Miscarriage is a devastating event, whether it happens once or multiple times. Unfortunately, it is not uncommon, with approximately only 30% of conceptions resulting in a live birth. Many women have either experienced a miscarriage themselves or know other women who have experienced a miscarriage. However, recurrent miscarriage, defined as 3 consecutive pregnancy losses before a gestational age of 20 weeks, is less common, affecting around 1–2% of women.1
So, what causes recurrent pregnancy loss?
Currently, there are a small number of accepted causes for recurrent pregnancy loss, such as parental chromosomal abnormalities, untreated hypothyroidism, anatomical abnormalities of the uterus (such as fibroids or uterine septum), uncontrolled diabetes mellitus, poor egg quality due to advanced maternal age, and antiphospholipid antibody syndrome. Other potential causes include infections, endocrine disorders (such as luteal phase defect and polycystic ovarian syndrome), an acquired and/or heritable blood clotting disorder, environmental factors, and immunologic abnormalities.1
So, as you can see, there are many possible causes of recurrent pregnancy loss and your healthcare provider will run a battery of tests to try and determine what is causing your pregnancy losses.
Diagnosing recurrent pregnancy loss
First, your doctor will take a detailed medical, surgical, genetic, and family history and will also perform a physical examination. The uterus will often be examined, either with an ultrasound, magnetic resonance imaging, X-ray (a hysterosalpingogram), or via a hysteroscopy. Testing for antiphospholipid antibodies will be performed and if you have a family history of clotting disorders, you will be tested for inherited thrombophilias. In addition, you may undergo hormone testing, including thyroid function tests as well as tests for levels of thyroid antibodies, prolactin and hormones such as follicle-stimulating hormone and anti-Mullarian hormone which can give you an idea of how well your ovaries are functioning. Diabetes testing will be conducted if the doctor suspects you are at risk for diabetes or if you have symptoms of diabetes.2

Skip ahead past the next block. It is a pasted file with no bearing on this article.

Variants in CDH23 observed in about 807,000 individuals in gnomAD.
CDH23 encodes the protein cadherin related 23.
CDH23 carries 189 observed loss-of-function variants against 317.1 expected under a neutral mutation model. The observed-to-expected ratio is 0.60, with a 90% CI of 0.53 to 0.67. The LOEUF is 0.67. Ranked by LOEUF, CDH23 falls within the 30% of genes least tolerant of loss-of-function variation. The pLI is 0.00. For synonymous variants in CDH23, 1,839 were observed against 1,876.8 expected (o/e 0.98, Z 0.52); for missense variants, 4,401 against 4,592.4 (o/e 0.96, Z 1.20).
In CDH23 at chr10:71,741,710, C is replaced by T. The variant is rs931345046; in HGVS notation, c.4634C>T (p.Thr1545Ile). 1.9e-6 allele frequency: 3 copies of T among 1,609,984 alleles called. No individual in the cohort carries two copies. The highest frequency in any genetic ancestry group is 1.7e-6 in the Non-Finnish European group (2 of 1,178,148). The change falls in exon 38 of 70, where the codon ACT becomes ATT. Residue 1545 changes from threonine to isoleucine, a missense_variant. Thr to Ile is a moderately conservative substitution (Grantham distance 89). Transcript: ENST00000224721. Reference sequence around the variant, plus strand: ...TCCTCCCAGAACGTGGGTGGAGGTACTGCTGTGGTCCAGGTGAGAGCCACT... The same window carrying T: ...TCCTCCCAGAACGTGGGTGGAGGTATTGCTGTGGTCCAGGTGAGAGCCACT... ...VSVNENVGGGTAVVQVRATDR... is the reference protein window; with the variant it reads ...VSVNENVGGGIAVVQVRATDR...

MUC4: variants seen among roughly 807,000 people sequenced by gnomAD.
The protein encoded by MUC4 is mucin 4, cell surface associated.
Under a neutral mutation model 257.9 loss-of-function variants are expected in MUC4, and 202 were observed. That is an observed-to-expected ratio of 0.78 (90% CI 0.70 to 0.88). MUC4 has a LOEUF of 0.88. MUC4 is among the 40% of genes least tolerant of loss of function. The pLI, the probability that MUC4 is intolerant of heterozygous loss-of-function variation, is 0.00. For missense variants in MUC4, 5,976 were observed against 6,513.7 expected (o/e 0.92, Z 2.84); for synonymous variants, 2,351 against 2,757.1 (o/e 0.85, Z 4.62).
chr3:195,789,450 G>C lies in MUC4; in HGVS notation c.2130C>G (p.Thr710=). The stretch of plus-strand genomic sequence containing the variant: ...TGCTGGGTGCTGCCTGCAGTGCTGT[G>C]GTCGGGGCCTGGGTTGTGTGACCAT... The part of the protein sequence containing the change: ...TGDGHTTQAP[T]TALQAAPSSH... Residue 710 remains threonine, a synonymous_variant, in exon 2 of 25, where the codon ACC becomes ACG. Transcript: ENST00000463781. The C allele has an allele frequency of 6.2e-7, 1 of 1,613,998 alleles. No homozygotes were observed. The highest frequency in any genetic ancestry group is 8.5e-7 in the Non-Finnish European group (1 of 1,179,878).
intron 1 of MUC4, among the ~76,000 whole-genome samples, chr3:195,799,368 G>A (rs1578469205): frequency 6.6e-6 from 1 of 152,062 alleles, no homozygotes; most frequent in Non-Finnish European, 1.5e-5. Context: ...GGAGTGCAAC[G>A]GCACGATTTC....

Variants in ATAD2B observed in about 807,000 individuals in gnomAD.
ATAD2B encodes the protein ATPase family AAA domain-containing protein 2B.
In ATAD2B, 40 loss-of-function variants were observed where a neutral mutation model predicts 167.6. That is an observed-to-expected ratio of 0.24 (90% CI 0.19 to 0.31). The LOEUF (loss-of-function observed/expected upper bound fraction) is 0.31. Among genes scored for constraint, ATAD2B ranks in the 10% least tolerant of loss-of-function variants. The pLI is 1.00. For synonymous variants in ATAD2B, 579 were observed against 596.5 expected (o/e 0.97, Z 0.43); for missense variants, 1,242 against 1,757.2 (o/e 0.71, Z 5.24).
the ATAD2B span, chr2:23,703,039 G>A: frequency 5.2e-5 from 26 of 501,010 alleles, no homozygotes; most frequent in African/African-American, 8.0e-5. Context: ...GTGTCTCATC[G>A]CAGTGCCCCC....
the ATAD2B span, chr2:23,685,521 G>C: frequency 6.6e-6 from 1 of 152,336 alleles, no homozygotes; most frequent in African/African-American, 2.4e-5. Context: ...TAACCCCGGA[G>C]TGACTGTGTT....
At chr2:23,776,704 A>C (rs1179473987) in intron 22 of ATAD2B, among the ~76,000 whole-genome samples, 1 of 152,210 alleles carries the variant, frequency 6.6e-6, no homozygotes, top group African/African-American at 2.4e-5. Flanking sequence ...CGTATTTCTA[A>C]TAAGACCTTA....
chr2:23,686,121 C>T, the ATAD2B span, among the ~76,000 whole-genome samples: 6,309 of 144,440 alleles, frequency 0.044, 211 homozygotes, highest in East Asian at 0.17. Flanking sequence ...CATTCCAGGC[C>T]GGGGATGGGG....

What treatment is available for recurrent pregnancy loss?
The treatment for recurrent pregnancy loss depends on what the underlying cause is found to be. If you or your partner is found to have chromosomal abnormalities, you will be given the option to undergo genetic testing in your next pregnancy, such as amniocentesis or chorionic villus sampling. Or alternatively, you may decide to undergo in-vitro fertilization with pre-implantation genetic diagnosis of the resulting embryos before they are implanted. If a uterine abnormality is found, such as fibroids, you will be given the option of surgery. Specific medications can be given if you are suspected of having antiphospholipid syndrome, a thyroid condition, or diabetes, or an endocrine disorder.2
However, no matter the results of the diagnostic work-up, the chance for a subsequent successful pregnancy is high: around 71% if an abnormality is detected and around 77% if no abnormality is found.2
- Recurrent Pregnancy Loss: Etiology, Diagnosis, and Therapy
- Recurrent Pregnancy Loss